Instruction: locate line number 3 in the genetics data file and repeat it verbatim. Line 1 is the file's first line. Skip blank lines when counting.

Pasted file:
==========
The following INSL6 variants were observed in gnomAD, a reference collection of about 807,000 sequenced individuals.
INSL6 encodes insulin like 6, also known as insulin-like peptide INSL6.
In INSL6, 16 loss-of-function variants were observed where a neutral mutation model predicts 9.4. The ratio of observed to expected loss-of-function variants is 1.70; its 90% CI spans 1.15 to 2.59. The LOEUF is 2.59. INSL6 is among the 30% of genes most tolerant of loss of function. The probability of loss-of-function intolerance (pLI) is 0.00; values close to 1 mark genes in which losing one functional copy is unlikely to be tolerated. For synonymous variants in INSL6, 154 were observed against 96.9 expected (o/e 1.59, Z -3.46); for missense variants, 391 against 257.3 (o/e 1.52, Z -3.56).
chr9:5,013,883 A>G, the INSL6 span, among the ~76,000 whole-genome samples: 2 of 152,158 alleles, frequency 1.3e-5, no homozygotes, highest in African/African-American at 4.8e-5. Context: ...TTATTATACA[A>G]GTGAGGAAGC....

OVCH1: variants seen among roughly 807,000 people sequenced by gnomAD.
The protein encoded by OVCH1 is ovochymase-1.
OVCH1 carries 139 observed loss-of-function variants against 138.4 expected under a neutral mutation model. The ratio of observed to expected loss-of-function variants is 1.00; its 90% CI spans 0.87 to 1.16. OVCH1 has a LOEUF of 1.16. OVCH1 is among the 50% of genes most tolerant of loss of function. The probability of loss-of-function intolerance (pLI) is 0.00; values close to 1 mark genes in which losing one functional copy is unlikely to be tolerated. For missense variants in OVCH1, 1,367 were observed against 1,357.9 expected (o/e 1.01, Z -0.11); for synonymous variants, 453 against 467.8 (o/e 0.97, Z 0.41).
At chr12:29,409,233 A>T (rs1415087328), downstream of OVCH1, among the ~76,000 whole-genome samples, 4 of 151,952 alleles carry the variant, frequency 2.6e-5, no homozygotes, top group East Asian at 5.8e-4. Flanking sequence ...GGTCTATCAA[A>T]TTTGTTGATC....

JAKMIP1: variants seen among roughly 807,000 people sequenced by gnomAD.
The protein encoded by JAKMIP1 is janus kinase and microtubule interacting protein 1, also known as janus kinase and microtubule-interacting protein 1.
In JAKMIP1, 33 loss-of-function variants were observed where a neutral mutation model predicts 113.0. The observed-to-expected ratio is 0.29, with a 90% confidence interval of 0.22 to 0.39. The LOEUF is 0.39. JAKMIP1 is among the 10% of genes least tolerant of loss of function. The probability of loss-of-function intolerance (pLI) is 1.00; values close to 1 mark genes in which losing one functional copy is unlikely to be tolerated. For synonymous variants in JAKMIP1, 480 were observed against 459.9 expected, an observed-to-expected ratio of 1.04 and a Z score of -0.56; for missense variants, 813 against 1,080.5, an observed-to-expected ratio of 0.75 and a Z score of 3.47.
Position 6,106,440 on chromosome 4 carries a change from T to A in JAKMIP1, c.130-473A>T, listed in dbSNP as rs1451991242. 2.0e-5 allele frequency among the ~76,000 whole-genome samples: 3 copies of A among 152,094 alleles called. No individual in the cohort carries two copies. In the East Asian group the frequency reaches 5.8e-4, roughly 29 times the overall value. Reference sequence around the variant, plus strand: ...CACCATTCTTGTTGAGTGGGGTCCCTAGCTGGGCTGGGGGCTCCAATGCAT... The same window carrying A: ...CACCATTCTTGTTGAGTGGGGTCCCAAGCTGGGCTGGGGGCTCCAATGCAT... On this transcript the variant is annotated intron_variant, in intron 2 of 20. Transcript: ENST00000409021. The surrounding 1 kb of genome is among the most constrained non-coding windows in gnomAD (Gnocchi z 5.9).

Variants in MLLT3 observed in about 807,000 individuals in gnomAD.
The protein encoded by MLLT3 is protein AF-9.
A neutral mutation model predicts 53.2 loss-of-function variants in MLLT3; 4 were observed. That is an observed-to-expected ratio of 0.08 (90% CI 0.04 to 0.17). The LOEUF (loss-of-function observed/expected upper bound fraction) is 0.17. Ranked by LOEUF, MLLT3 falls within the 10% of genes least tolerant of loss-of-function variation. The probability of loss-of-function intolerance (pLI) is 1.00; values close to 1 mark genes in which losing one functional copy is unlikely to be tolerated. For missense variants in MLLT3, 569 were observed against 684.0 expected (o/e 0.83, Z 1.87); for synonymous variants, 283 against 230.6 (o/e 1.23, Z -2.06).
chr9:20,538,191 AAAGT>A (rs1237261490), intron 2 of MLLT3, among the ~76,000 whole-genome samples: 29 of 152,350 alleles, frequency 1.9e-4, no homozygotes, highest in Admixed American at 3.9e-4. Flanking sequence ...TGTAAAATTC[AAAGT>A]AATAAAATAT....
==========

In INSL6, 16 loss-of-function variants were observed where a neutral mutation model predicts 9.4. The ratio of observed to expected loss-of-function variants is 1.70; its 90% CI spans 1.15 to 2.59. The LOEUF is 2.59. INSL6 is among the 30% of genes most tolerant of loss of function. The probability of loss-of-function intolerance (pLI) is 0.00; values close to 1 mark genes in which losing one functional copy is unlikely to be tolerated. For synonymous variants in INSL6, 154 were observed against 96.9 expected (o/e 1.59, Z -3.46); for missense variants, 391 against 257.3 (o/e 1.52, Z -3.56).